My post two days ago on the links between depression and creativity sparked some smart comments. Perhaps the best was sent to me privately by the excellent blogger The NeuroCritic, and I am highlighting it in its own post here, with The Neurocritic’s permission, because it makes a an important point that I failed to note in the original piece: These links between madness and creativity don’t make the more severe manifestations of depression or bipolar disorder any less destructive or painful. As The NeuroCritic put it:
Sometimes I think those who talk about bipolar and creativity haven’t been around many severely manic individuals. There’s overspending, lying, cheating, alienating friends, paranoia, psychosis, taking off and abandoning family, etc. I don’t think there’s anything especially creative about that.
Here’s another idea about bipolar and creativity: the percentage of manic people who engage in creative pursuits exceeds that in the general population. However, much of the output is incoherent. Some small percentage might be brilliant (either during or in between episodes), but then how many people are Kay Redfield Jamison or Stephen Fry (collapsing across bipolar subtypes)?
At any rate, bipolar can be a very destructive illness, and I hope those that romanticize it (or are viewed as romanticizing it) truly understand that. End of rant.
A point well-made and well-taken. (NB: A few days after I wrote this post, The Neurocritic elaborated on his point in a graceful and gracious post here.)
I can see how a reader of my post, which looked at a passage on madness and creativity from Jonah Lehrer’s new book on creativity as well as a film by Stephen Fry about his own bipolar plunge, might see it as romanticizing these maladies. I think NeuroCritic recognizes I don’t set out to do romanticize madness; yet s/he is right that the post might be interpreted that way. My bad: In my focus on what these links between madness and creativity reveal about the essential nature of the creative process, I neglected to remind readers that the essential nature of severe, untreated forms of depression or bipolar disorder is a plunge — perhaps many plunges — into hopeless, dark, annihilating misery. Jonah Lehrer also understands this. And in a book that is all about creativity, a reader can be expected to understand that the main focus is on that process, and that the madness is being examined for what it says about creativity. In a one-off blog post, however, I think it makes sense to lodge at least briefly the reminder that NeuroCritic lodged with me afterwards. and I should have done so.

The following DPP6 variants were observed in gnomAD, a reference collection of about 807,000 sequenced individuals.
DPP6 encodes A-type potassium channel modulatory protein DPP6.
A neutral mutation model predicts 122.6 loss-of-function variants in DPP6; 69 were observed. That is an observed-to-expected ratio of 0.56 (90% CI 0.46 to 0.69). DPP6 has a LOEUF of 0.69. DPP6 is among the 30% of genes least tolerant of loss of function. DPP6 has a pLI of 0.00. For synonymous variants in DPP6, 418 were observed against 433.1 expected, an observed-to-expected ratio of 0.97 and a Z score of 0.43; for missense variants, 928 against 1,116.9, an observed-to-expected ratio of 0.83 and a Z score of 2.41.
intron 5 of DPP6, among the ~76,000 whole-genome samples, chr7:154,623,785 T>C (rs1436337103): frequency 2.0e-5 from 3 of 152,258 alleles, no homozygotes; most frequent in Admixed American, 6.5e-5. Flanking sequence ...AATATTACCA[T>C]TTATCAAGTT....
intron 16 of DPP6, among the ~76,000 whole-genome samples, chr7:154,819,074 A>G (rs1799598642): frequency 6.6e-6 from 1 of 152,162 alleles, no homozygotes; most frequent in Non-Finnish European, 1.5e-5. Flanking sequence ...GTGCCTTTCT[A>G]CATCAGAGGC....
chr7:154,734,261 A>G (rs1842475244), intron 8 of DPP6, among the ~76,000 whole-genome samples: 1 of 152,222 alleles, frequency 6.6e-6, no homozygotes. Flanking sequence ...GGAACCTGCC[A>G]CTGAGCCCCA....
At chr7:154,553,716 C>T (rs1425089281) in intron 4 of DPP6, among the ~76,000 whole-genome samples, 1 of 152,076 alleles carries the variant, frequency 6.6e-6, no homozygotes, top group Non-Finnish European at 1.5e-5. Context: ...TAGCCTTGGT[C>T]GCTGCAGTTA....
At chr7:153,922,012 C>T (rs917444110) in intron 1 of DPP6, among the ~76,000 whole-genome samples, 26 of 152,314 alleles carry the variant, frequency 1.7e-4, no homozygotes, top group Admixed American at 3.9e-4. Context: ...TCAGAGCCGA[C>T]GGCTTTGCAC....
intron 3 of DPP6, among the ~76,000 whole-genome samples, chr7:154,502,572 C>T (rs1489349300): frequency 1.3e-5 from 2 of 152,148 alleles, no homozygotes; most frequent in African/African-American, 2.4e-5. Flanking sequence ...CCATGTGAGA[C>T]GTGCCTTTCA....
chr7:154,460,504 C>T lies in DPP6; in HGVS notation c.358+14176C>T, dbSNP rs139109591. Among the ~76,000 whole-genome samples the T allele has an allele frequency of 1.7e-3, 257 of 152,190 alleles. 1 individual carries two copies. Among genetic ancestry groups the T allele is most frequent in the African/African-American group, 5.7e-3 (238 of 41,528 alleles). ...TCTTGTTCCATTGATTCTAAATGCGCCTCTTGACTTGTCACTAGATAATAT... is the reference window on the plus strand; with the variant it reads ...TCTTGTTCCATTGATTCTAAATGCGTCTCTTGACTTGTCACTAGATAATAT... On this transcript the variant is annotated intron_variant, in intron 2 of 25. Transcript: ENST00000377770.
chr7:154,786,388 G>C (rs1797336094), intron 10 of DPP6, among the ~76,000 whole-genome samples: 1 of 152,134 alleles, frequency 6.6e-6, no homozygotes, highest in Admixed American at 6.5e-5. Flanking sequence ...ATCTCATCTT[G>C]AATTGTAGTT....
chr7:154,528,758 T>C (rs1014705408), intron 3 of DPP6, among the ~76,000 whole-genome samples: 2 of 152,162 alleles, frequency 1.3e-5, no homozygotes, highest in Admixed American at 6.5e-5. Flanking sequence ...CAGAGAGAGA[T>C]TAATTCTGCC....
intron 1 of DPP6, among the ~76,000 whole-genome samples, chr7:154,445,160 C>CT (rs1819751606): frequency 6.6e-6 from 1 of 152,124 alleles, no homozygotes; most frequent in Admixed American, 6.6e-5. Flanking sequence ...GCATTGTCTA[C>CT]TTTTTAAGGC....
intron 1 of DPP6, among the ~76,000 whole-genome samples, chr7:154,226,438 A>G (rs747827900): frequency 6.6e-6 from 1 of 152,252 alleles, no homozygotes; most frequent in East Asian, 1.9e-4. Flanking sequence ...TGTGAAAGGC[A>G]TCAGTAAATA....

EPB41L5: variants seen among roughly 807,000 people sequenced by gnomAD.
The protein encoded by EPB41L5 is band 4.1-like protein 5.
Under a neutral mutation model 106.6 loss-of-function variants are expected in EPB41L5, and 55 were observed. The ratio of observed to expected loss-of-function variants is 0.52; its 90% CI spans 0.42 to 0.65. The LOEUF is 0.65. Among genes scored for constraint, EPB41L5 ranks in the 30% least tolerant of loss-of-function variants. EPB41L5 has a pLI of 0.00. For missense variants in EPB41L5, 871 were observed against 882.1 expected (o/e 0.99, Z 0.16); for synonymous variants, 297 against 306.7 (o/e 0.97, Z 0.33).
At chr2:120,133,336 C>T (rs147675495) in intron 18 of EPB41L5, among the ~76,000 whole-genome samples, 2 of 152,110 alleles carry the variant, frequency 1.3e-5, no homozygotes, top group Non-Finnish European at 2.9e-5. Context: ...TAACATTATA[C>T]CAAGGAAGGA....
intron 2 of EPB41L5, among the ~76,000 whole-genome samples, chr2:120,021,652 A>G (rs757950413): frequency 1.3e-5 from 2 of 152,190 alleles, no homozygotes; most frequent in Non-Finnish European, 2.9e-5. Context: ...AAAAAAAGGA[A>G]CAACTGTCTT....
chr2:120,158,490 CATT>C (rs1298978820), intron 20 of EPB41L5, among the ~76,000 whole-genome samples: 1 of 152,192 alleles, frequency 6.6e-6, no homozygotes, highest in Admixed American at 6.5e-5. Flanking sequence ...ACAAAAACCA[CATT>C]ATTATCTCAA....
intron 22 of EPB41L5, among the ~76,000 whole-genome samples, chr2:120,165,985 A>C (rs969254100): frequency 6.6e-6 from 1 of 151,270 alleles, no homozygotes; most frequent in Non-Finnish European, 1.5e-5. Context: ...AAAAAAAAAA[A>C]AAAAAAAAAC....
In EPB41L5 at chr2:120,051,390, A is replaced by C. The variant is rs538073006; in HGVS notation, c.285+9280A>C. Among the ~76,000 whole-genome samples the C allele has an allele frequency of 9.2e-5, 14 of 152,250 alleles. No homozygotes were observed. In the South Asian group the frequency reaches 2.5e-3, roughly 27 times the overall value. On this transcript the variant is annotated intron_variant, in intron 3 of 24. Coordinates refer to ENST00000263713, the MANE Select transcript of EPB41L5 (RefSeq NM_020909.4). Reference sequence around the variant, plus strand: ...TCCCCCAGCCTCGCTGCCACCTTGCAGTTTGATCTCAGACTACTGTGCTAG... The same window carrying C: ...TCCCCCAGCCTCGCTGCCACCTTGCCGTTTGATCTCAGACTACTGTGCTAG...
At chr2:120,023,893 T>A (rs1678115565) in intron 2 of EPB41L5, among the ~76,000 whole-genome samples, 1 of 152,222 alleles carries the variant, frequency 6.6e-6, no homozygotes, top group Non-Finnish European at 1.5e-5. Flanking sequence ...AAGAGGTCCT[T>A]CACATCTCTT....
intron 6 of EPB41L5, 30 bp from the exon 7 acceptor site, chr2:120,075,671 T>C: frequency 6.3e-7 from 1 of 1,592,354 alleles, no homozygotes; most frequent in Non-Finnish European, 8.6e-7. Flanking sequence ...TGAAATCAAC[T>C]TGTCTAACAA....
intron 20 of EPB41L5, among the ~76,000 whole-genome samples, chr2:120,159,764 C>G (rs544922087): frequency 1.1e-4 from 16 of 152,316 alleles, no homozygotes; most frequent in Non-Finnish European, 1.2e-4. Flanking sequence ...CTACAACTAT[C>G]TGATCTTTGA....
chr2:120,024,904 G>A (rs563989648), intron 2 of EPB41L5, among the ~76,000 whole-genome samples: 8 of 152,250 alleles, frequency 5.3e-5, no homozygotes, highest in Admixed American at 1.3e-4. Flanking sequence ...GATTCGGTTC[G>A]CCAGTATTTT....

These ailments are horrible to suffer. Yet they fascinate us, and they do so partly because they present, in extreme forms, cycles or dips that most of us goes through in milder form. Thus the bipolar dynamics that Jonah describes illustrate starkly the complementary creative roles played by unexpected associations and new insights, on one hand, and ruminative, grind-it-out refinement of those insights on the other. We see these swings most readily in some of the artists and writers who suffered the most. The long walks during which Virginia Woolf half-consciously wrought her characters and stories — walks in which insights were often found more than created — fed her art as essentially as did the long mornings in which she sat in her armchair penning them into coherent form. Yet when Woolf fell deeply sick she could not work at all. She would descend into the blackest despair. Even sitting up in her armchair, much less writing in it, became more than she could manage. It was as she felt one of those long drops looming before her that she took a walk that ended not back home in her chair, but at the bottom of the River Ouse.
I don’t consider such extremes necessary to art. As I’ve explained before, I think they’re the destructive extremes of a broader sensitivity that can help someone see and respond to the world in original ways. They may sometimes make it easier to create, particularly during the manic phase, when the energy and confidence or high. But they can destroy the artist, eliminating from the world who knows how much great work, and they’re rarely essential. I suspect even bipolar artists do most of their best work not at the very peaks of these cycles, and certainly not at the bottoms, but during the less extreme oscillations that create both the leaps of imagination and the long days at desk, keyboard, or easel, but do not rise to uncontrolled mania or or fall to catatonic numbness. Stephen Fry remains with us, still doing great work, because in grappling with his affliction he was able to quiet such oscillations without flattening them; with any good luck at all, he will put in a full lifetime of work, to the world’s and his benefit. I wish it had been so for Ms. Woolf.
Photo of River Ouse: Keith Laverack, via Creative Commons. Some rights reserved.
My post Jonah Lehrer Meets Stephen Fry – The Paradoxes of Bipolar and Creativity, 9 April 2012, which started this latest permutation of this discusssion.
The Neurocritic’s Suffering for art is still suffering, 13 April 2012, which was a response to the post above. As usual for The NC, it’s smart, graceful, and has some great art accompanying — in this case, some Edward Munch I hadn’t seen before.